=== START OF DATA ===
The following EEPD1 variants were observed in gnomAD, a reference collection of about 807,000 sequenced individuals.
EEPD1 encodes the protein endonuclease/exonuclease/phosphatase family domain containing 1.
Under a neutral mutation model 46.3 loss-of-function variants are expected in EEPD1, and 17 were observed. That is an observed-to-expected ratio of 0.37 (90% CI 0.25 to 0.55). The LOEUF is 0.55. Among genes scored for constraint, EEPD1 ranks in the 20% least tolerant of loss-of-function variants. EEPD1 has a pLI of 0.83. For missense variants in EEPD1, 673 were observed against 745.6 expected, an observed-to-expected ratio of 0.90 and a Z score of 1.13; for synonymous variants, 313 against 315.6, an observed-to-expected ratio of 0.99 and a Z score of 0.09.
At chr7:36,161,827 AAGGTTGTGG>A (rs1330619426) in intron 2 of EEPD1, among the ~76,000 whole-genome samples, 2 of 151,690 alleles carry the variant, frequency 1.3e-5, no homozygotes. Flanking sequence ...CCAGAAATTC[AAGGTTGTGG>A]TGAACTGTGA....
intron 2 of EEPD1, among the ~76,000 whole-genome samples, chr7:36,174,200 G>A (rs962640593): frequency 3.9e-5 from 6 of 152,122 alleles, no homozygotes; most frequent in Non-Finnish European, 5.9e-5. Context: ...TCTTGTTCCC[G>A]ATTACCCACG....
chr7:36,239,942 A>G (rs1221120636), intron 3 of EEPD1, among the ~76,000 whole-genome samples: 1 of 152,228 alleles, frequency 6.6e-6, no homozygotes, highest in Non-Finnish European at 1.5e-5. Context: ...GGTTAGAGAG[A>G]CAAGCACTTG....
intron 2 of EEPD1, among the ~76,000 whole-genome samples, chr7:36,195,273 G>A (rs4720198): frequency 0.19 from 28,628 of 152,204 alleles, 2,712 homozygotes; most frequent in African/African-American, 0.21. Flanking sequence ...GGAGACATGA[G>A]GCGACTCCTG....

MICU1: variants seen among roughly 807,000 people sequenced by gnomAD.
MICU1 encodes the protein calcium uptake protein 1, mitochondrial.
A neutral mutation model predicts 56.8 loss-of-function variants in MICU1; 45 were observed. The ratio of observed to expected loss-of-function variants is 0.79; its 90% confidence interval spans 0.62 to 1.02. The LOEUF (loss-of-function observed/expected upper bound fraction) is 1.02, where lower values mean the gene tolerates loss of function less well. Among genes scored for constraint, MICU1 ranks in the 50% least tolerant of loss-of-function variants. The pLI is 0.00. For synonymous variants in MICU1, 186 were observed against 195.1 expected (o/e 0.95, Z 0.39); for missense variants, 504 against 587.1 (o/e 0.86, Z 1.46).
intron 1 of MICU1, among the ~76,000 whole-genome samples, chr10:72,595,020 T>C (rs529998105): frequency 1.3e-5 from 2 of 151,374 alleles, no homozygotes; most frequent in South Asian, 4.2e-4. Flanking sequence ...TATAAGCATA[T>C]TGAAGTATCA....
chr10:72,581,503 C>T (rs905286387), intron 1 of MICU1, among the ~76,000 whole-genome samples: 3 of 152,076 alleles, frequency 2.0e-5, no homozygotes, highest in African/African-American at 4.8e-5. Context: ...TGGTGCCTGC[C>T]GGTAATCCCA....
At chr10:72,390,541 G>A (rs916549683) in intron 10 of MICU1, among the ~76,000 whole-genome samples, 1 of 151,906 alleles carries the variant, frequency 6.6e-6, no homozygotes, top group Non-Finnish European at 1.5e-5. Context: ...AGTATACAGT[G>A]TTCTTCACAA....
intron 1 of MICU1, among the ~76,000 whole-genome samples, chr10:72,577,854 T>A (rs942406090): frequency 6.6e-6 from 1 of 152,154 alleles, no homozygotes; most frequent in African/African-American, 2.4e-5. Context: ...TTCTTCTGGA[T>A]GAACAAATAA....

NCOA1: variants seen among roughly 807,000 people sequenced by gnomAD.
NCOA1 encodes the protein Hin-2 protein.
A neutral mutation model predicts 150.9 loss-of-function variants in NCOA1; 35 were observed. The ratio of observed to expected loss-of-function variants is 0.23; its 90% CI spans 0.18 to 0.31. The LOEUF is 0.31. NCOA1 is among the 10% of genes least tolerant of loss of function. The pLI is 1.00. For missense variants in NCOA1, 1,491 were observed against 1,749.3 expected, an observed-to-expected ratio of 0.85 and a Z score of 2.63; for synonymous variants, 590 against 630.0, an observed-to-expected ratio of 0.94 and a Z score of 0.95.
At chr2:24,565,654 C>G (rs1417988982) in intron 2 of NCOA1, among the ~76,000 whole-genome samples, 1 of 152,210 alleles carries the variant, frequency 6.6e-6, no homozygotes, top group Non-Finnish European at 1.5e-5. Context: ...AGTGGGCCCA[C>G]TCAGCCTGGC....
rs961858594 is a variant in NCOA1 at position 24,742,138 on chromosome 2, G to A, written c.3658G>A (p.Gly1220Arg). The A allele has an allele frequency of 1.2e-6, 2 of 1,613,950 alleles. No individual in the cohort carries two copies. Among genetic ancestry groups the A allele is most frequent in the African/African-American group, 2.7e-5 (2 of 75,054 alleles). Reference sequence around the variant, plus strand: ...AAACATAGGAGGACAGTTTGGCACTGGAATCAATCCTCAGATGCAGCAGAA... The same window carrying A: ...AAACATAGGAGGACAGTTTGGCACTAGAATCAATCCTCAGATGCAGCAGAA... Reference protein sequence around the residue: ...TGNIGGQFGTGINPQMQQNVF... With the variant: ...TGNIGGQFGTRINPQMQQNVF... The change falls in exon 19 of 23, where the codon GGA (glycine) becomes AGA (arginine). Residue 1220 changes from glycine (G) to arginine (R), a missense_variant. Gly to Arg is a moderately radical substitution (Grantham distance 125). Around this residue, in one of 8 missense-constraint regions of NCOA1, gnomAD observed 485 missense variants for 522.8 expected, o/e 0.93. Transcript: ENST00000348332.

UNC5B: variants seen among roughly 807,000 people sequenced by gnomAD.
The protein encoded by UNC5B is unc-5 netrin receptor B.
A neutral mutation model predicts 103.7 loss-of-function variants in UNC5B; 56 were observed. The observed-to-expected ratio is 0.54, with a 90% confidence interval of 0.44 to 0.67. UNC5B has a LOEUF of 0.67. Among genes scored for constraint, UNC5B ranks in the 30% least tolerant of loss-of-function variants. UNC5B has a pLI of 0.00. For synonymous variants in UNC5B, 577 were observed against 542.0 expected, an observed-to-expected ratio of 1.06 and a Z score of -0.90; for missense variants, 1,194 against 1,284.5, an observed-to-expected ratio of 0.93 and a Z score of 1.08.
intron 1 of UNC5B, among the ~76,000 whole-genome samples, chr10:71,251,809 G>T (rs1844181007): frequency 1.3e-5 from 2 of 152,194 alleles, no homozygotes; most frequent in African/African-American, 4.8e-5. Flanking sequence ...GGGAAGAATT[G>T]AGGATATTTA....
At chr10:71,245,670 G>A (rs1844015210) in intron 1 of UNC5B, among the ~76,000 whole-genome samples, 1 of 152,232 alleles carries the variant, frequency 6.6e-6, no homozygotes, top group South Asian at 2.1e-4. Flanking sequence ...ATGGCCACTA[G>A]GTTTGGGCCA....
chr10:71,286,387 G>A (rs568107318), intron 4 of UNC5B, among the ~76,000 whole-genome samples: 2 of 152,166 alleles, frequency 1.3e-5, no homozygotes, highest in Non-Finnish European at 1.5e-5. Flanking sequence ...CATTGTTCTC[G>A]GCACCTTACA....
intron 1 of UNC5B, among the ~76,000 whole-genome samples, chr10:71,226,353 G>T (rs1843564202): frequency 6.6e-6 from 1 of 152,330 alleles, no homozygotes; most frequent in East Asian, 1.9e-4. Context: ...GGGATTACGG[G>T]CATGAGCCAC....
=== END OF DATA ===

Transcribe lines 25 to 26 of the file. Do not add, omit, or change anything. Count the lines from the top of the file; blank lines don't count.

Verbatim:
chr10:71,286,387 G>A (rs568107318), intron 4 of UNC5B, among the ~76,000 whole-genome samples: 2 of 152,166 alleles, frequency 1.3e-5, no homozygotes, highest in Non-Finnish European at 1.5e-5. Flanking sequence ...CATTGTTCTC[G>A]GCACCTTACA....
intron 1 of UNC5B, among the ~76,000 whole-genome samples, chr10:71,226,353 G>T (rs1843564202): frequency 6.6e-6 from 1 of 152,330 alleles, no homozygotes; most frequent in East Asian, 1.9e-4. Context: ...GGGATTACGG[G>T]CATGAGCCAC....